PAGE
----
“E pluribus unum” is a phrase taken from an ancient Latin poem. (It was adopted as a motto for the Seal of the United States and is found embossed on US currency.) Its original author (possibly, Virgil) used it to describe the colors of light: many different colors make up white light, which then separate through a prizm or a cloud to make up the rainbow. White light is “out of many, one;” it is unity and diversity.
So also is the human body. This also is what the church is and is called to be: unified diversity. Paul says: “Many members in one body” (Romans 12:5; I Cor.12:12).
Furthermore, the marvel of the universal Church is that Christ by the Gospel gathers people out of many nations together into the unity of one confession of faith. In a congregation there is such diversity: different faces, personalities, gifts, strengths, weaknesses, natural ages, spiritual maturity, insights, etc.
The miracle of this unity comes to its sharpest focus when we experience a local congregation of such different, sin-burdened people “in harmony, in one place, in prayer” (Acts 1:14, 2:1) “There is one body, and one Spirit, even as ye are called in one hope of your calling; One Lord, one faith, one baptism, One God and Father of all, who is above all, and through all, and in you all.” (Eph.4:4-6)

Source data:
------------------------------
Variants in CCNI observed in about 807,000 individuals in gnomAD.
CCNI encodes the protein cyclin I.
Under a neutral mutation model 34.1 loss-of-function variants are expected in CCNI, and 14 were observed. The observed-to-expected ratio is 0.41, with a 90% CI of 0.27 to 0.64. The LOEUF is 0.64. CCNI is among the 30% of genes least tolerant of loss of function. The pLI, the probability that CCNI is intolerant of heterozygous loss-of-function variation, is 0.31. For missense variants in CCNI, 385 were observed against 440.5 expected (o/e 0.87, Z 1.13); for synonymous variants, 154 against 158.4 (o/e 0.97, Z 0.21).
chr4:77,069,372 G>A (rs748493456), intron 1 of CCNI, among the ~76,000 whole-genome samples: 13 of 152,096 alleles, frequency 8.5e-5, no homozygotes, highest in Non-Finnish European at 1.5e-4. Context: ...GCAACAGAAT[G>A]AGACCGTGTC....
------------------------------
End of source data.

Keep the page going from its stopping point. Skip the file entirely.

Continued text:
May we all worship the Lord in the experience of that harmony and oneness to which we are called, willing to live in fellowship and love with one another. What a miracle church harmony is! Out of so many different people one gathering, united by one faith, one baptism, one Lord -- worshipping in the union of prayer, sacrament, and song! Let us value it as precious and handle it carefully since it is fragile. Let us “endeavour to keep the unity of the Spirit in the bond of peace.” (Eph.4:3).
Rev. Pieter VanderMeydenRev. Pieter VanderMeyden currently pastors the Free Reformed Church in Vineland, Ontario, Canada. He has also served as visiting instructor at the Puritan...